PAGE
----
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The Plea had sought an amendment in the Delhi Prison Rules, 2018 to include interviews with the legal advisors to be open from Monday to Friday for an appropriately allotted time with no specific cap on the number of interviews per week.
The Delhi High Court has recently refused to interfere with Government policy regarding Mulakat Days for the under-trial prisoners in a plea seeking direction to allow more visits for lawyers to meet undertrial prisoners in a week.
A bench of Chief Justice Satish Chandra Sharma and Justice Subramonium Prasad said, "In matters of policy, the Courts do not substitute its own conclusion with the one arrived at by the Government merely because another view is possible."
The order has been passed in a Public Interest Litigation plea filed by Advocate Jai A Dehadrai seeking an amendment in the Delhi Prison Rules, 2018 to include interviews with the legal advisors to be open from Monday to Friday for an appropriate allotted time with no specific cap on the number of interviews per week.
However, keeping in view the fact that the present PIL is not an adversarial litigation and the petition has been filed in the interest of prisoners, this Court permitted the Dehadrai to give a representation to the State by providing suggestions.
The High Court relied on the Supreme Court judgment in the case of Jacob Puliyel v. Union of India and Ors., wherein, the Court was broadly examining policy decisions pertaining to health, it had observed that in the exercise of their judicial review, Courts should not ordinarily interfere with the policy decisions of the Executive unless the policy can be faulted on grounds of mala fide, unreasonableness, arbitrariness or unfairness, etc.
Given the above, the bench said, "Depending upon the number of undertrials and prisoners, the State has taken a decision of capping total number of visits by family members, relatives, friends and legal advisers to two times a week and it cannot be said that the said decision is completely arbitrary. The said decision has been taken after careful consideration of the facilities available in the prisons, availability of the staff and the number of undertrials."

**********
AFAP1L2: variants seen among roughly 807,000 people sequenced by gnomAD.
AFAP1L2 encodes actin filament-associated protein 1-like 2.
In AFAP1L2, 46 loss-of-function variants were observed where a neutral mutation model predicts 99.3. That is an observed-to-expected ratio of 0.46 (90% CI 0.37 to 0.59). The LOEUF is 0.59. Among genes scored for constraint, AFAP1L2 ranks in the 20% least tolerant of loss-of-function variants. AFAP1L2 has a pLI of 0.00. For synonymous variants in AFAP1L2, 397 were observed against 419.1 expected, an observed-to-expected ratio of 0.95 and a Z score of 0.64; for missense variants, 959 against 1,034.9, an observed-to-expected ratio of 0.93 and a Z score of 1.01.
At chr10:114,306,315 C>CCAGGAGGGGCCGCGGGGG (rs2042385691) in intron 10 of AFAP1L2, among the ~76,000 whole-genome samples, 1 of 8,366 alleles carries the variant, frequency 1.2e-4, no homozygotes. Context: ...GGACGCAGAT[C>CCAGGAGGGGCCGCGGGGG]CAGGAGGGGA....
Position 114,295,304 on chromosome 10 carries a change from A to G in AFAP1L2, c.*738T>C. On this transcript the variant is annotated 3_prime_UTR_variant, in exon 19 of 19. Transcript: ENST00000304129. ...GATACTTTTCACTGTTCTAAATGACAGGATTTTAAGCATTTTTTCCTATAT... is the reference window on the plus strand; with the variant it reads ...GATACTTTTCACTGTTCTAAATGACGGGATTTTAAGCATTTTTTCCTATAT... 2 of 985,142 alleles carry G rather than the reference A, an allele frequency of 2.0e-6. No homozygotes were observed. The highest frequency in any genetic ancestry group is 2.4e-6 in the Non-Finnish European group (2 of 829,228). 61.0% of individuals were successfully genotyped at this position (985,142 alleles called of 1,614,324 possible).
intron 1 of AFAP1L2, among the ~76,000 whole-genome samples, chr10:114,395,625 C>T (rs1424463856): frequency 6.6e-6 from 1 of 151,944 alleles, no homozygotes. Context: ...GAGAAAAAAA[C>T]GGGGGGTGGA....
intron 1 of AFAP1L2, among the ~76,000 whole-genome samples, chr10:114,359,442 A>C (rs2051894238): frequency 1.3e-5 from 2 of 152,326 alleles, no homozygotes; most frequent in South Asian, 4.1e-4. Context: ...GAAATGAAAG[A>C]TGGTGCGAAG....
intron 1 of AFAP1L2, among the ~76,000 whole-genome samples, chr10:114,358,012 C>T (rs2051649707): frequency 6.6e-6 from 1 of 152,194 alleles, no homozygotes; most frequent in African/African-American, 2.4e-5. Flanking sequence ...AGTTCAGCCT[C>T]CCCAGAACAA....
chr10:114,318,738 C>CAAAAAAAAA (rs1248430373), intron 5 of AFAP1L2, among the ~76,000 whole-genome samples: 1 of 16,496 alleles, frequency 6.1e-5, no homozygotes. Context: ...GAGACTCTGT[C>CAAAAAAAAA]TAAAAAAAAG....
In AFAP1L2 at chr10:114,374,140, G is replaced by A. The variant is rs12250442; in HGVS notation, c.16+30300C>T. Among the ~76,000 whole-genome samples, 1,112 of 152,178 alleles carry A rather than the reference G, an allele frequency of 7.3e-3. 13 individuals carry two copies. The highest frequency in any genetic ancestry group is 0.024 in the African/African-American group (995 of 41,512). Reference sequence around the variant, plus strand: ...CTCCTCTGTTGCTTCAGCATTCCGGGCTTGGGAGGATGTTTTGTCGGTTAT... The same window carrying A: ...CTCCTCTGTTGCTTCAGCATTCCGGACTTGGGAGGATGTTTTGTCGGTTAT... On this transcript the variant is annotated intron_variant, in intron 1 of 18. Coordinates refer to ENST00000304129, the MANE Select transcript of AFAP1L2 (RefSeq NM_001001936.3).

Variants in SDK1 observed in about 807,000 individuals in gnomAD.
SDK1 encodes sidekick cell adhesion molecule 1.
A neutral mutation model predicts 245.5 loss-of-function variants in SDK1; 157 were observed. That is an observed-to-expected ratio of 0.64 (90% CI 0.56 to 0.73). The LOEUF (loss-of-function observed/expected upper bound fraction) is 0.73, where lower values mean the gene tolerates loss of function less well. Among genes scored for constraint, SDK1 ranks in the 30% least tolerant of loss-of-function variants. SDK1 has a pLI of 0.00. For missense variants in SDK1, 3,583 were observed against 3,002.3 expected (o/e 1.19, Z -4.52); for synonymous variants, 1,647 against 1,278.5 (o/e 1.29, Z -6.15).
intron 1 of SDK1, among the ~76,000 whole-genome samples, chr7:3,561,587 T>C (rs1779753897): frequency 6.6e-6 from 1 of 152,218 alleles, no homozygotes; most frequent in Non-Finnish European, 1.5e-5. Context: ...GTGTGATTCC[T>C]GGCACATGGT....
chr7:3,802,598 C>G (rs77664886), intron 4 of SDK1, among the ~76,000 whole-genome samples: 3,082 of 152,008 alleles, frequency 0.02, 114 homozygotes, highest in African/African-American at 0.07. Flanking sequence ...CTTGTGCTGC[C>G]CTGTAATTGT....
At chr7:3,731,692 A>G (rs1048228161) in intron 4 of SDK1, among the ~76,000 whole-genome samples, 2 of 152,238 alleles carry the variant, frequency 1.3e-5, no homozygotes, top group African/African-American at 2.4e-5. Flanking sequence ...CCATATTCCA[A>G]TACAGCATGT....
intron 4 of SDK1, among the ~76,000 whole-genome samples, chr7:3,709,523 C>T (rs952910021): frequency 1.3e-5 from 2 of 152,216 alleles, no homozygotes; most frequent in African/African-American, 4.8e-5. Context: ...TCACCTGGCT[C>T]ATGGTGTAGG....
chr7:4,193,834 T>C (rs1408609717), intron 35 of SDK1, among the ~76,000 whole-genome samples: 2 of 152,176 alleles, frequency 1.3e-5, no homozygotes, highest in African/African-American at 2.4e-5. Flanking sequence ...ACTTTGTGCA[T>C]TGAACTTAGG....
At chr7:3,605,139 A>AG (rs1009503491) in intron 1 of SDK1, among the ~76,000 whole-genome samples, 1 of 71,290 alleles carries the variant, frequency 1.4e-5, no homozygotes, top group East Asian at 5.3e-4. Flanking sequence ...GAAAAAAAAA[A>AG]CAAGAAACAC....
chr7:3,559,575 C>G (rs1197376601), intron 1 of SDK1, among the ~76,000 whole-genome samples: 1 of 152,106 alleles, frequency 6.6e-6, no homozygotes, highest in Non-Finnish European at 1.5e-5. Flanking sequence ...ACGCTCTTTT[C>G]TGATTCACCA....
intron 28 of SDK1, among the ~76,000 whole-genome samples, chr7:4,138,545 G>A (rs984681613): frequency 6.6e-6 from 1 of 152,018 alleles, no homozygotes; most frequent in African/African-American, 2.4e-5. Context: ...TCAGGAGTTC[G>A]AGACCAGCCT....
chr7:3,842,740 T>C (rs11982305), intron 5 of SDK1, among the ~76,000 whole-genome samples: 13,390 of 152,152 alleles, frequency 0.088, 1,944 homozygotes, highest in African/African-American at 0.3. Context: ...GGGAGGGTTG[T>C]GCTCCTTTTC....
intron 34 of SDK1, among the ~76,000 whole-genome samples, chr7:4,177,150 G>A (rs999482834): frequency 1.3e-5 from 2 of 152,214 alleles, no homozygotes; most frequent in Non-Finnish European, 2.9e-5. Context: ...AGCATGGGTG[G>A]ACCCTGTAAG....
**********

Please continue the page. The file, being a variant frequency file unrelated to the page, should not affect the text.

The plea had stated that the said Rule curtails the right of the undertrials and convicts to get continuous legal meetings with their lawyers in a week, as a result of which they are disabled from preparing their legal defence.
The counsel for the petitioner had also pointed out that the reason the court needs to consider this is that as of today about 82% of prisoners in the Tihar Jail in Delhi are under-trials and the current provision of 2 days a week is not enough to cater to all of their legal requirements, and/or to strategize the legal course of action for even the ones the counsels can meet.
The plea states that the occupancy rate at Tihar Jail at 175% currently indicates "major overcrowding in jails, which further manifests a crying need for facilitating the inmates' legal conference with their legal representatives and not unnecessarily hindering it or capping it."
The plea alleged that the said rules are in direct violation of the right to access to justice as guaranteed to undertrial and convicts under Article 21 of the Constitution, as the said Rule arbitrarily caps their right to consult their lawyers only twice in one week.
Case Title: Jai A. Dehadrai & Anr. v GNCDT & Anr.
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